Bosses running Eastbourne’s hospital are ‘not actively considering’ bringing full maternity services back to the town, but told councillors ‘never say never’.
The decision to downgrade Direct General Hospital’s maternity ward with specialist services including consultant-led obstetric services operated from the Conquest Hospital in Hastings proved hugely controversial.
Last week members of East Sussex’s Health Overview and Scrutiny Committee received an update on East Sussex Healthcare NHS Trust’s quality improvement plan.
This is after the ESHT, which runs both Eastbourne DGH and Conquest Hospital, was rated ‘inadequate’ by health regulators the Care Quality Commission, and was placed in special measures.
During Thursday’s meeting Janet Coles, an Eastbourne borough councillor, welcomed the investment in Eastbourne’s maternity unit and asked if in the near or medium-term future they might see the return of full consultant-led services back to the town.
Adrian Bull, chief executive at ESHT, replied: “This [investment] has no bearing on the issue of consultant-led services at Eastbourne.
“As you know the services in Eastbourne there are consultant outpatient services in Eastbourne for obstetrics and a full midwife-led unit.
“We are not actively considering at present planning to bring obstetrics-led services back to Eastbourne.
As I have said to other interested parties I would never say never about anything and I would need to continue to listen to and understand the concerns and preferences of the population that we serve.
“I think we do need to produce that report about where services currently are and we need to continue that conversation.”
This was in reference to points made by Alan Shuttleworth, a borough and county councillor, who thought that one of the key issues in the CQC’s report was a lack of public engagement by the trust.
He said: “Within Eastbourne there was, during the last regime the discredited regime at ESHT, a great deal of distrust and a loss of confidence in the way in which ESHT was managed and particularly the maternity reconfiguration issue.”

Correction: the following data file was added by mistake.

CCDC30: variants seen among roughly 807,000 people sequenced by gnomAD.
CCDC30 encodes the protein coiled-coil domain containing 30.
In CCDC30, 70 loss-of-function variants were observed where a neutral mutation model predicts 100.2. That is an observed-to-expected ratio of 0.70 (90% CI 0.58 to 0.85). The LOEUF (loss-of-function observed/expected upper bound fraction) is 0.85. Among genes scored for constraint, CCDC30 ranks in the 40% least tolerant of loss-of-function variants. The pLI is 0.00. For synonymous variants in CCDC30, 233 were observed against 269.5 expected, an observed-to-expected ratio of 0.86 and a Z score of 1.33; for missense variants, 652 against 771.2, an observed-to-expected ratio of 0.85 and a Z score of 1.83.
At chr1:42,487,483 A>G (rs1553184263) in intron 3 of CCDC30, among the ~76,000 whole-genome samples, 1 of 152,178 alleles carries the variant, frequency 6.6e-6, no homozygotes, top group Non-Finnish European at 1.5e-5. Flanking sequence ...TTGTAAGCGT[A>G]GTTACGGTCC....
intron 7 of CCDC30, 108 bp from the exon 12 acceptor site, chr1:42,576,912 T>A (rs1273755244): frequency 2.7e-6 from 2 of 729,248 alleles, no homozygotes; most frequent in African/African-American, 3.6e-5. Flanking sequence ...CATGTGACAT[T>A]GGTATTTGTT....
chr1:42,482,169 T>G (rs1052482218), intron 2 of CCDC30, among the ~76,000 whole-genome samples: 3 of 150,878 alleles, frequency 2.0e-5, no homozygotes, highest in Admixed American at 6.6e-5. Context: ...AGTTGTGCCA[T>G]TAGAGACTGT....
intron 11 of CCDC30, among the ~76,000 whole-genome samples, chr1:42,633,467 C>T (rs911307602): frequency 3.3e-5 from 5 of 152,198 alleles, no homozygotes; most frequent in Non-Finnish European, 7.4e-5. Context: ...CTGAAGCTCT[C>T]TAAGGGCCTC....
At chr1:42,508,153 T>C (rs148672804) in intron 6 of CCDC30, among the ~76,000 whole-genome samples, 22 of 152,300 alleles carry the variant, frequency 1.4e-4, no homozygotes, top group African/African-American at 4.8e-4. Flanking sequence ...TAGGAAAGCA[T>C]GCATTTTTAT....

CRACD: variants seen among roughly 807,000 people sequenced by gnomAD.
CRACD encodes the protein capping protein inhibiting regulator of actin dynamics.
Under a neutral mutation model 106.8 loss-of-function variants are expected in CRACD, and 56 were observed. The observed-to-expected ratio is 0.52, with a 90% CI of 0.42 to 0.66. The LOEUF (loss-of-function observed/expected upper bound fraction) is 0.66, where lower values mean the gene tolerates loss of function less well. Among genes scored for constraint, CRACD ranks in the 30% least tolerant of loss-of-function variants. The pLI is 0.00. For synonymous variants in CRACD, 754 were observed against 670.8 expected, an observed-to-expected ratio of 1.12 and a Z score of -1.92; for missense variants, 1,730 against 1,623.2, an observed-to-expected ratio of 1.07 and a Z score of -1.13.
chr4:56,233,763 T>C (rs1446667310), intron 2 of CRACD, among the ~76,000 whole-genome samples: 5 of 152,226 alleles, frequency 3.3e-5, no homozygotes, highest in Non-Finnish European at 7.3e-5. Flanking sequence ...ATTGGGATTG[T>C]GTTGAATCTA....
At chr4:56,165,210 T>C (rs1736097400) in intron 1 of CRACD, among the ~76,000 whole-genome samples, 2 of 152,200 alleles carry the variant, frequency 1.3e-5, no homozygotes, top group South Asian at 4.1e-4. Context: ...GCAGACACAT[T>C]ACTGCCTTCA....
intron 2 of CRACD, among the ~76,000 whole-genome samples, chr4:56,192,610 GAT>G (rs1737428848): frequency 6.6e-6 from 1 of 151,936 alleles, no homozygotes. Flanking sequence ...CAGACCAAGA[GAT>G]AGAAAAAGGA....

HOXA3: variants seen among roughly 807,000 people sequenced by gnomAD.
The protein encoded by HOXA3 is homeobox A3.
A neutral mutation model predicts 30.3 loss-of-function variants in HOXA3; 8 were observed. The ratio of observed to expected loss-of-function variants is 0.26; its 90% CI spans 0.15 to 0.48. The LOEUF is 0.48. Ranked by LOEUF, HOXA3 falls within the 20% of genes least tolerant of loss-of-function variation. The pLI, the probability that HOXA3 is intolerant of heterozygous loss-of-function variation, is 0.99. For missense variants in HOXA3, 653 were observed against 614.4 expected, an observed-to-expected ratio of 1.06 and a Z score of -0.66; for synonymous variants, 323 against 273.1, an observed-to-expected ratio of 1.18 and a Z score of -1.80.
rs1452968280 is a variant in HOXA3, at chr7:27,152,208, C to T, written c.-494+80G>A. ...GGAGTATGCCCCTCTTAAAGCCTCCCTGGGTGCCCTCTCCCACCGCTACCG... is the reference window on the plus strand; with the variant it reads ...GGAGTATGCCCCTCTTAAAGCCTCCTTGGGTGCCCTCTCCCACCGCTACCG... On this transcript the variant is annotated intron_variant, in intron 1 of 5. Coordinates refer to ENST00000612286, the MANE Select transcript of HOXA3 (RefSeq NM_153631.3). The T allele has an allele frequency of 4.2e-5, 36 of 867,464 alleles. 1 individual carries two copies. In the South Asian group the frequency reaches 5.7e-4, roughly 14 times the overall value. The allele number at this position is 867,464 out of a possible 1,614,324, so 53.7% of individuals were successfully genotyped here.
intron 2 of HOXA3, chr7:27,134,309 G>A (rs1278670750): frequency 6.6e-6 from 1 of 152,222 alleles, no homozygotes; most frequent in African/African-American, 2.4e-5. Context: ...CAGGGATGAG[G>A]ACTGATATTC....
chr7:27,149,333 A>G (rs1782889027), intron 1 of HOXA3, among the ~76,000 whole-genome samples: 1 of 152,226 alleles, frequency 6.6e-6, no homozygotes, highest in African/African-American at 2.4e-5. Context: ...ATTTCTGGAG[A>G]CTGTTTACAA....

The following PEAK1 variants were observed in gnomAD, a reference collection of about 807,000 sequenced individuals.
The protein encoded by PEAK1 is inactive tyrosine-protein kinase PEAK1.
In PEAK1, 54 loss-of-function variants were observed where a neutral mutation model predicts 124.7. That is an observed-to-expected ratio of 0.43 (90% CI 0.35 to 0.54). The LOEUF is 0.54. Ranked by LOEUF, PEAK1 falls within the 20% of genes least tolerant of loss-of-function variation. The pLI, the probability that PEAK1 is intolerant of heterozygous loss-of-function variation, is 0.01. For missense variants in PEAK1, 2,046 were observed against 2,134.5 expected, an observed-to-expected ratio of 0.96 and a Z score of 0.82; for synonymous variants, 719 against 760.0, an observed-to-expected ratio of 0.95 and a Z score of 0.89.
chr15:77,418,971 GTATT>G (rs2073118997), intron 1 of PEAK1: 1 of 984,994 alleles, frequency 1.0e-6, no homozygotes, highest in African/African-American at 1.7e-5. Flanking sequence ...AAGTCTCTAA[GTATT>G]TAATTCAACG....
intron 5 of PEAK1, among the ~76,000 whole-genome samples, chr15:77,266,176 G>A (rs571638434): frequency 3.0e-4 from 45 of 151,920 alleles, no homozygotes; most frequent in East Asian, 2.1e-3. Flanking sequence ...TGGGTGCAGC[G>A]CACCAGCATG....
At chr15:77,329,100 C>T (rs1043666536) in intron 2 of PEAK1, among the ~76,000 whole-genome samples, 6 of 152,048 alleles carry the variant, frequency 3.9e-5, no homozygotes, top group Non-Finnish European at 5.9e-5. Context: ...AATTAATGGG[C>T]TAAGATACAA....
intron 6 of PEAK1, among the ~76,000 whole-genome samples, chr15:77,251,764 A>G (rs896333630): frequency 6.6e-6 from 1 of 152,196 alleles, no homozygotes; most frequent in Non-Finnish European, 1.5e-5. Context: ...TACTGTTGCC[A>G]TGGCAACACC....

He argued there was a residual need to give the public information on the maternity situation as there were still ‘significant transport issues and significant concerns’.
Mr Shuttleworth added: “This strategic issue has not gone away, it has not gone away in Eastbourne.”
Dr Bull updated members on the project to move patient medical records to a central records store in Apex Way in Hailsham, with a formal opening due this week.
This project was criticised by unions when it was unveiled last year but Dr Bull explained that the proposals had followed extensive consultation with the affected members of staff.
He also explained that the front entrances of both Eastbourne DGH and Conquest Hospital were due to be completely reshaped to make them more welcoming and pleasant for patients.
Addressing the wider issues of improving the trust’s performance, Dr Bull thought that the morale of staff was a ‘mixed picture’ and added: “We are not providing perfect care across the board.”
He continued: “In an organisation which has gone through a significantly challenging period and a lot of people have their heads down and feeling sorry for themselves what we must avoid is a self reinforcing cycle of bad news.”
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